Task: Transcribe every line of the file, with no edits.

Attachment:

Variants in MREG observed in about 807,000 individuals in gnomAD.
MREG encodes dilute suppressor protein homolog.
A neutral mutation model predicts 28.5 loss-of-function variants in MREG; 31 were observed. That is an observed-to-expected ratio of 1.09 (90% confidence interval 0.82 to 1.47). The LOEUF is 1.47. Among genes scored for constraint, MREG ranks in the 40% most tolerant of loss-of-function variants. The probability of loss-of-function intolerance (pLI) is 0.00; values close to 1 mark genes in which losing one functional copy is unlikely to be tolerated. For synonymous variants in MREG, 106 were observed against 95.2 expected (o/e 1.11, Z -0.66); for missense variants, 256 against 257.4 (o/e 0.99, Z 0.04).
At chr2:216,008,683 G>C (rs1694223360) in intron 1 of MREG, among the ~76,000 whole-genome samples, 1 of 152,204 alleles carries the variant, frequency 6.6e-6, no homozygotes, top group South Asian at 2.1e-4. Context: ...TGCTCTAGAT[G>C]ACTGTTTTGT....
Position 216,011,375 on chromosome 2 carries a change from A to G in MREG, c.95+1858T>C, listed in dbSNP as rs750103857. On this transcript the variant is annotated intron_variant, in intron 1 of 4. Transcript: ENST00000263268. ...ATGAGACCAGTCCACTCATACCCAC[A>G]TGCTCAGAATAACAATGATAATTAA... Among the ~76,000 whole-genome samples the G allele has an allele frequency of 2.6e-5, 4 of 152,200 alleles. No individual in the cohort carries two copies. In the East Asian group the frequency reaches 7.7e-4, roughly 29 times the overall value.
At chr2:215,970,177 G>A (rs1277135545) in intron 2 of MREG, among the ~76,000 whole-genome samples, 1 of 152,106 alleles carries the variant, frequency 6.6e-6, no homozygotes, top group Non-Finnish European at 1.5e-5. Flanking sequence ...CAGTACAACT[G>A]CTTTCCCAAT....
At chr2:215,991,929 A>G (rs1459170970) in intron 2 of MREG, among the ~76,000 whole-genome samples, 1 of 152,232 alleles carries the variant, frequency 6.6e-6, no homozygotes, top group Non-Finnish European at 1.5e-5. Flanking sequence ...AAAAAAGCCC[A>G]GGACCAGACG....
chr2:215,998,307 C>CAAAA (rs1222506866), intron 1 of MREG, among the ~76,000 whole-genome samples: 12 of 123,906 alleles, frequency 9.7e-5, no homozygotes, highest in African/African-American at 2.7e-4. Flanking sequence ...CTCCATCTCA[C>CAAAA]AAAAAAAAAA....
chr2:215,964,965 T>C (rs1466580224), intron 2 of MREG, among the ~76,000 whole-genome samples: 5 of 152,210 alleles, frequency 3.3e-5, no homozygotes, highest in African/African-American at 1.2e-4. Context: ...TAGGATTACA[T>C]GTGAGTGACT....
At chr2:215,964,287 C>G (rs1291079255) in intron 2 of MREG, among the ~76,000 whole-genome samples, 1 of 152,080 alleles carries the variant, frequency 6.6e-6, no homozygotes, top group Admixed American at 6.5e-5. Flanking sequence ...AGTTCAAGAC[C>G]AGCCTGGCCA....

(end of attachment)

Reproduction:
Variants in MREG observed in about 807,000 individuals in gnomAD.
MREG encodes dilute suppressor protein homolog.
A neutral mutation model predicts 28.5 loss-of-function variants in MREG; 31 were observed. That is an observed-to-expected ratio of 1.09 (90% confidence interval 0.82 to 1.47). The LOEUF is 1.47. Among genes scored for constraint, MREG ranks in the 40% most tolerant of loss-of-function variants. The probability of loss-of-function intolerance (pLI) is 0.00; values close to 1 mark genes in which losing one functional copy is unlikely to be tolerated. For synonymous variants in MREG, 106 were observed against 95.2 expected (o/e 1.11, Z -0.66); for missense variants, 256 against 257.4 (o/e 0.99, Z 0.04).
At chr2:216,008,683 G>C (rs1694223360) in intron 1 of MREG, among the ~76,000 whole-genome samples, 1 of 152,204 alleles carries the variant, frequency 6.6e-6, no homozygotes, top group South Asian at 2.1e-4. Context: ...TGCTCTAGAT[G>C]ACTGTTTTGT....
Position 216,011,375 on chromosome 2 carries a change from A to G in MREG, c.95+1858T>C, listed in dbSNP as rs750103857. On this transcript the variant is annotated intron_variant, in intron 1 of 4. Transcript: ENST00000263268. ...ATGAGACCAGTCCACTCATACCCAC[A>G]TGCTCAGAATAACAATGATAATTAA... Among the ~76,000 whole-genome samples the G allele has an allele frequency of 2.6e-5, 4 of 152,200 alleles. No individual in the cohort carries two copies. In the East Asian group the frequency reaches 7.7e-4, roughly 29 times the overall value.
At chr2:215,970,177 G>A (rs1277135545) in intron 2 of MREG, among the ~76,000 whole-genome samples, 1 of 152,106 alleles carries the variant, frequency 6.6e-6, no homozygotes, top group Non-Finnish European at 1.5e-5. Flanking sequence ...CAGTACAACT[G>A]CTTTCCCAAT....
At chr2:215,991,929 A>G (rs1459170970) in intron 2 of MREG, among the ~76,000 whole-genome samples, 1 of 152,232 alleles carries the variant, frequency 6.6e-6, no homozygotes, top group Non-Finnish European at 1.5e-5. Flanking sequence ...AAAAAAGCCC[A>G]GGACCAGACG....
chr2:215,998,307 C>CAAAA (rs1222506866), intron 1 of MREG, among the ~76,000 whole-genome samples: 12 of 123,906 alleles, frequency 9.7e-5, no homozygotes, highest in African/African-American at 2.7e-4. Flanking sequence ...CTCCATCTCA[C>CAAAA]AAAAAAAAAA....
chr2:215,964,965 T>C (rs1466580224), intron 2 of MREG, among the ~76,000 whole-genome samples: 5 of 152,210 alleles, frequency 3.3e-5, no homozygotes, highest in African/African-American at 1.2e-4. Context: ...TAGGATTACA[T>C]GTGAGTGACT....
At chr2:215,964,287 C>G (rs1291079255) in intron 2 of MREG, among the ~76,000 whole-genome samples, 1 of 152,080 alleles carries the variant, frequency 6.6e-6, no homozygotes, top group Admixed American at 6.5e-5. Flanking sequence ...AGTTCAAGAC[C>G]AGCCTGGCCA....